Wearable technology can forecast treatment outcomes for depression, according to research


In recent years, managing one’s mental health has taken on greater importance, with a focus on self-care. More than 300 million people experience depression globally each year. Given this, there is a lot of interest in using common wearable technology to track indicators like activity level, sleep, and heart rate in order to monitor a person’s mental health.

Data from wearable technology was utilised by a group of researchers from Washington University in St. Louis and the University of Illinois at Chicago to forecast the effects of depression treatment on participants in a randomised clinical trial. Instead of creating a distinct model for each group, they created a novel machine learning model that examines data from two sets of patients: those who were randomly chosen to receive therapy and those who were not. A step toward customised medicine, in which doctors create a treatment plan unique to each patient’s needs and forecast outcomes based on an individual’s data, is this integrated multitask model.

The research’s findings were presented at the UbiComp 2022 conference in September and were published in the Proceedings of the ACM on Interactive, Model, Wearable, and Ubiquitous Technologies. The team was led by Chenyang Lu, the Fullgraf Professor at the McKelvey School of Engineering, and included Thomas Kannampallil, an associate professor of anesthesiology and associate chief research information officer at the School of Medicine and associate professor of computer science and engineering at McKelvey Engineering; and Jun Ma, MD, PhD, professor of medicine at the University. Dai previously worked in Lu’s lab as a doctoral student and is currently a software engineer at Google.

Lu remarked that integrated behavioural therapy can be costly and time-consuming. “Patients may continue with treatment only if the model indicates their problems are likely to improve with treatment but less likely without treatment. If we are able to create individualised predictions for individuals on whether a patient will be responsive to a specific treatment. Such individualised estimates of treatment outcome will enable more focused and economical therapy.”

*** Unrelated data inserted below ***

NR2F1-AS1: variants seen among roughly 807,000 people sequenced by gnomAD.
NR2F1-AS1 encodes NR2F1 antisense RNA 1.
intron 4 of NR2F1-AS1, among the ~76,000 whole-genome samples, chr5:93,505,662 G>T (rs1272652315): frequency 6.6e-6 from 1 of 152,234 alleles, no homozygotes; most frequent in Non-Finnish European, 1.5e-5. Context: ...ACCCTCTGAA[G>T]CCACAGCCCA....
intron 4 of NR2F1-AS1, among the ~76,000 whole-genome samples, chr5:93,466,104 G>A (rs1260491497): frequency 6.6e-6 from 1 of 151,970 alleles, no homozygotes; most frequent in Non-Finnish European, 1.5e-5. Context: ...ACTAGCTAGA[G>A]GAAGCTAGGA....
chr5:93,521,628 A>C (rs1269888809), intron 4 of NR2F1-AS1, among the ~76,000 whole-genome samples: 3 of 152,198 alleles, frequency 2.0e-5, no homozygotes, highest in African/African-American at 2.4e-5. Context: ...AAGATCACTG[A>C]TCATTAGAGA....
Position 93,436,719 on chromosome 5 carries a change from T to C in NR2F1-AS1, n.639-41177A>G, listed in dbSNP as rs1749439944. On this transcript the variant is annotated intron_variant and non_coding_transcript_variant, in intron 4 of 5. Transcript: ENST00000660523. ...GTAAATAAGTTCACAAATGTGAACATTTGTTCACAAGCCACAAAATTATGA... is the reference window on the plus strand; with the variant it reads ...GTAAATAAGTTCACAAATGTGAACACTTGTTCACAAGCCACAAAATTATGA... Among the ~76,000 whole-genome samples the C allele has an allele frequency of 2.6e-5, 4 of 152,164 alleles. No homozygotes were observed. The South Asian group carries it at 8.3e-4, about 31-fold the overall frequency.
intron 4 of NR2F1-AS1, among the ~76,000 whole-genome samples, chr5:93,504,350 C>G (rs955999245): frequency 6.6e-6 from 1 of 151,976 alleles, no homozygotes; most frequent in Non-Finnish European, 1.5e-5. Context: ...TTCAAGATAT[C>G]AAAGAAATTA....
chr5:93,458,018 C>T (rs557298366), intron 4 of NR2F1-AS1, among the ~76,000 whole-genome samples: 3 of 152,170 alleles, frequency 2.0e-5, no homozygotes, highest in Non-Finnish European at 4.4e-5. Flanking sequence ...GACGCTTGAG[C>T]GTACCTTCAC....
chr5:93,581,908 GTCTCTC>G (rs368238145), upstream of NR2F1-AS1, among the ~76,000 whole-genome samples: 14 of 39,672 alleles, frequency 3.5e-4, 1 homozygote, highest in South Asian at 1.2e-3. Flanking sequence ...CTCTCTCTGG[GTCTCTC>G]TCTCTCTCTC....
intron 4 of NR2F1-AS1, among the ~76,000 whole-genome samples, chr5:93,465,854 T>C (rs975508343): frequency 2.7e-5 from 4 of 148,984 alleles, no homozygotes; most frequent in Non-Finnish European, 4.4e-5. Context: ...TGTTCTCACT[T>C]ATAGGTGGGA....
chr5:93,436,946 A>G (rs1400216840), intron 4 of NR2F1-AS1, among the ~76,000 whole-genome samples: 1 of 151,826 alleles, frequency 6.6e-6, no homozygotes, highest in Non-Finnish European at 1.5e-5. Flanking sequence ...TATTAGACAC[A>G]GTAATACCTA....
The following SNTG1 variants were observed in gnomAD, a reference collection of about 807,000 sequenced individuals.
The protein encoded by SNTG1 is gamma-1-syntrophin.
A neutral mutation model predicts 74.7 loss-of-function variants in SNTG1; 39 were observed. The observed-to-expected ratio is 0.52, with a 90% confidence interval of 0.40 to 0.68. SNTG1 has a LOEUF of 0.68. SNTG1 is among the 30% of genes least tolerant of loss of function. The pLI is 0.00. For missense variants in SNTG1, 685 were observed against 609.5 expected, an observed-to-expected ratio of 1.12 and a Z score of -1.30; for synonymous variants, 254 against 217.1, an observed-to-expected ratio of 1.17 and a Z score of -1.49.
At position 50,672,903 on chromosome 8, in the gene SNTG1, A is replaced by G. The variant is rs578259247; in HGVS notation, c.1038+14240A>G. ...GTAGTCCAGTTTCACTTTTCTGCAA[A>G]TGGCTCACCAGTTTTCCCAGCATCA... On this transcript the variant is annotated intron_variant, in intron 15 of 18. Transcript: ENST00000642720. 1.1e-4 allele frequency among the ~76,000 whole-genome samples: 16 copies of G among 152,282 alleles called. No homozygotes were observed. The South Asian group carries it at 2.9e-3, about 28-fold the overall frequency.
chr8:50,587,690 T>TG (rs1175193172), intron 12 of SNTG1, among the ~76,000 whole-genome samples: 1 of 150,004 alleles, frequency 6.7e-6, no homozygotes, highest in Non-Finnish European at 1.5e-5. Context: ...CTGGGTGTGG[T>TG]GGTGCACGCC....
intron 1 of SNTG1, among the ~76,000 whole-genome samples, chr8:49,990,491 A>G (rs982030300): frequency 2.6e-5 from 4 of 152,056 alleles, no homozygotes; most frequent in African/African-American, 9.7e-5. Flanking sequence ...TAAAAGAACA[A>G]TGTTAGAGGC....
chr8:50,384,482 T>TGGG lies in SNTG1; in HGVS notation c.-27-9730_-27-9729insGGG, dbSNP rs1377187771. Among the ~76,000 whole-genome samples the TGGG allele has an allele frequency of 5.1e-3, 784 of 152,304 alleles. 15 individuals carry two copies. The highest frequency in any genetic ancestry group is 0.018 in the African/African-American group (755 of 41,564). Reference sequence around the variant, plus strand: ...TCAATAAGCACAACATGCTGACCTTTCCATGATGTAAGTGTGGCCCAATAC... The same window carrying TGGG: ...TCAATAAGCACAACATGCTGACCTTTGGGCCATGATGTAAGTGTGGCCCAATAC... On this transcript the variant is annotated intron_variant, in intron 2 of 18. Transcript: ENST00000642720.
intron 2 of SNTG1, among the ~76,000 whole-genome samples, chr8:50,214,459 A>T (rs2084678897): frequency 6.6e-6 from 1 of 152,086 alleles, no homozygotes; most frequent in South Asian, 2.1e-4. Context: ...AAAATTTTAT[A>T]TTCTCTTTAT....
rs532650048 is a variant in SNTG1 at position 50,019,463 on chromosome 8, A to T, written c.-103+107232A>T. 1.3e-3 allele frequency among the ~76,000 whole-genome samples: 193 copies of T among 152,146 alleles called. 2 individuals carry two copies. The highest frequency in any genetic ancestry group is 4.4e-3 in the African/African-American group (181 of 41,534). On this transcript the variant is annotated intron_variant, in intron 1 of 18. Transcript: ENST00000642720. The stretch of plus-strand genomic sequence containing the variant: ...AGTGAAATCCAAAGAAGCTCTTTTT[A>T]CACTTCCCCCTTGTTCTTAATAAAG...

Patients in the trial received Fitbit wristbands and underwent psychological assessment. The remainder patients did not undergo behavioural therapy, although about two thirds of the patients did. In order to determine whether treatment would result in better outcomes based on individual data, the researchers used baseline data from patients in both groups that were statistically similar.

Due to the expense and length of such interventions, clinical studies of behavioural therapies frequently used very small cohorts of participants. A machine learning model had difficulty because there were few patients, despite the fact that more data is usually better for performance. The model could, however, learn from a larger dataset that caught the differences between individuals who had received therapy and those who had not by integrating the data of the two groups. They discovered that their multitask model accurately predicted the development of depression more accurately than a model that considered each group separately.

In order to simultaneously train a unified model to predict the individualised results of an individual with and without therapy, Dai, who received a doctorate in computer science in 2022, combined the intervention group and the control group in a randomised control experiment. “The model included wearable data and clinical features in a layered design. With this method, the study cohorts are not divided into smaller groups for the machine learning models, and a dynamic knowledge transfer can take place across the groups to improve prediction accuracy both with and without intervention.”

According to Ma, “the implications of this data-driven approach extend beyond the implementation in randomised clinical trials to clinical care delivery, where the ability to make personalised predictions of patient outcomes depending on the treatment received, and to do so early and along the treatment course, could meaningfully inform shared-decision making by the patient and the treating physician in order to tailor the treatment plan for that patient.”

Building tailored predictive models using data from randomised controlled trials is made possible by the machine learning technique. The researchers will use machine learning in a new randomised controlled trial of telehealth behavioural therapies employing Fitbit wristbands and weight scales among patients in a weight reduction intervention study in the future.